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Tibet Railway Construction Set to Start in July

[China Daily. May 21, 2001.]

Construction on the world's highest railroad which will link Tibet with the rest of China will start this July, bringing millions of Tibetans a step closer to a more affordable connection with the outside world. A spokesman from the Project Management Centre of the Ministry of Railways said yesterday that preparations for the building of a 100-kilometre section of the Qinghai-Tibet railway are right on track. "Everything is ready for the construction, which will kick off in July this year," the spokesman said. He did not say when the first section will be completed.

Designs, tests and examinations for the feasibility study of the first section, which will run from Golmud, a major transport hub in Qinghai Province, to Wangkun, have been completed, according to the People's Railway Daily which is operated by the Ministry of Railways. The project has involved a total of 1,680 engineers, including many senior railway and technical experts who have followed research on the study of the railway for decades. Construction of the Qinghai-Tibet railway, the elevation of which will be the highest in the world, will also be one of the most arduous projects in the history of mankind. More than 960 kilometres, or over four-fifths of the railway will be built at an altitude of over 4,000 metres. And more than half of it will be laid on earth that is frozen for long periods of the year. However, China's central authorities and experts have claimed that China is technically and financially capable of building the railway. The project will encounter three major problems, its geological impact, the permafrost and the low temperatures and oxygen shortages in the higher altitudes. But Sun Yongfu, vice-minister of railways, said earlier this year that China will pool the most talented engineers in the country to make sure the construction of the ambitious project is kept on time and in good order. "China is confident and capable of getting over all the obstacles facing the railroad project," he said. Meanwhile, China will invite open bidding on the project among domestic construction companies to keep corruption and shoddy construction at bay.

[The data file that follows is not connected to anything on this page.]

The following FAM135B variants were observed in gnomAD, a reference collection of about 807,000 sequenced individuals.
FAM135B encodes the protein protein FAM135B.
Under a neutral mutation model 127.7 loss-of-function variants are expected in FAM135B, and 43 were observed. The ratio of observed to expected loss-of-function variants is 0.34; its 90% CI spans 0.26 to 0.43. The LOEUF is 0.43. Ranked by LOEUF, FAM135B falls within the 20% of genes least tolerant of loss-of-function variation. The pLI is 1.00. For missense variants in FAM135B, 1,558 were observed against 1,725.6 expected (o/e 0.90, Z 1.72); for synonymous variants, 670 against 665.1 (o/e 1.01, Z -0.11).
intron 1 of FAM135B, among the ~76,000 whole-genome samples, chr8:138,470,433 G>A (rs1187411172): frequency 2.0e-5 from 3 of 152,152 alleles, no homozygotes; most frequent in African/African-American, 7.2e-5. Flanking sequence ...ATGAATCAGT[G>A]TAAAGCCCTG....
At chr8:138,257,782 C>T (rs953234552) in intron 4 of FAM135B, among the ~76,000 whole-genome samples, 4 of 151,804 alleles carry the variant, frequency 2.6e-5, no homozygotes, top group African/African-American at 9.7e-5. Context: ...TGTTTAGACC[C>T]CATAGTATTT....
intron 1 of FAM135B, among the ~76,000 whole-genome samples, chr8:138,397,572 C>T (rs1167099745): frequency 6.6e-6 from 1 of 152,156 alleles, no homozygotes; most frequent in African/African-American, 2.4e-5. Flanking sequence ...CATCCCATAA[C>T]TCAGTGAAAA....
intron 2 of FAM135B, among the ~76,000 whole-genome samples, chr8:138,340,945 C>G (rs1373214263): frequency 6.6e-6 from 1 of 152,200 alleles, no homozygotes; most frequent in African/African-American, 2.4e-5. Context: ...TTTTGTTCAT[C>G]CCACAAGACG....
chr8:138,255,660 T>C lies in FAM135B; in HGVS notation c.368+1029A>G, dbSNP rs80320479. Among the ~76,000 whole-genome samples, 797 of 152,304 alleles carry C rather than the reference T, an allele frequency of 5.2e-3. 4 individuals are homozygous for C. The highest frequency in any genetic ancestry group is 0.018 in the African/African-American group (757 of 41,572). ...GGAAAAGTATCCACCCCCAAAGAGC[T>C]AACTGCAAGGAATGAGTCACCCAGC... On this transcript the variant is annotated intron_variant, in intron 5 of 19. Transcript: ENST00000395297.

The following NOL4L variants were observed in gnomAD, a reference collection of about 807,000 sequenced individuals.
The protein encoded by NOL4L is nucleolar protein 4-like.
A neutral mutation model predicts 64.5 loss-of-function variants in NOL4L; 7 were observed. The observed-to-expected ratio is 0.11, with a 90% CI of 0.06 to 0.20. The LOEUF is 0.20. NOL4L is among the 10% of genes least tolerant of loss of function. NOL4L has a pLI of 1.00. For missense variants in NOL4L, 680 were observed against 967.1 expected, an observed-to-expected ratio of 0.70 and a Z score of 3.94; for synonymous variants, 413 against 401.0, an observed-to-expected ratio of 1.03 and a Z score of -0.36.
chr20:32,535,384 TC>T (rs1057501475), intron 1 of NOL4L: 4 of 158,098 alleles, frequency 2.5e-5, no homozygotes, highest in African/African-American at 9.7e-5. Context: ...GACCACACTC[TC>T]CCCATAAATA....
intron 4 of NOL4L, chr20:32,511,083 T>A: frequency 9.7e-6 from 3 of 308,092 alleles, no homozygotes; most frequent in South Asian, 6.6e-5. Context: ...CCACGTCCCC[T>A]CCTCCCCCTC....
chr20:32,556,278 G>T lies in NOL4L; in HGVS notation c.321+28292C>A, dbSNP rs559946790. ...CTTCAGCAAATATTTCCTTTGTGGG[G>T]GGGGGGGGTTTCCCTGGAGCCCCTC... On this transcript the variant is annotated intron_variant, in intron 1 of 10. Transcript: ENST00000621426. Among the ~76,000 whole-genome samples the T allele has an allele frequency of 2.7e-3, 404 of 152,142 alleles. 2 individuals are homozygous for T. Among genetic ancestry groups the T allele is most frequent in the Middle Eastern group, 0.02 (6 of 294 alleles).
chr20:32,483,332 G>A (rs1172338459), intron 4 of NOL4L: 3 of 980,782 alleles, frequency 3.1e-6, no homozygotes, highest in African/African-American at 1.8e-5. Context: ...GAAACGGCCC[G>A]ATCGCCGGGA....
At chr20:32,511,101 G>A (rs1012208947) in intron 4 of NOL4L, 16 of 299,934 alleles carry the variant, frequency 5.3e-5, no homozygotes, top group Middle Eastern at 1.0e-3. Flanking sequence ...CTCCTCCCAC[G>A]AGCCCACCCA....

All spending for the railway project will be borne by the central authorities, Sun said. Currently, highways and air routes are the major transportation links between Tibet and the rest of China. The Qinghai-Tibet railway will span 1,118 kilometres, and start from Xining, capital of Qinghai Province, and end in Lhasa, capital of the Tibet Autonomous Region. A 564-kilometre section of the railway will be in Qinghai and the other 554 kilometre will lie in Tibet. The railway line between Xining and Golmud, built 10 years ago, is in full operation at present. China plans to complete the whole project in six years.

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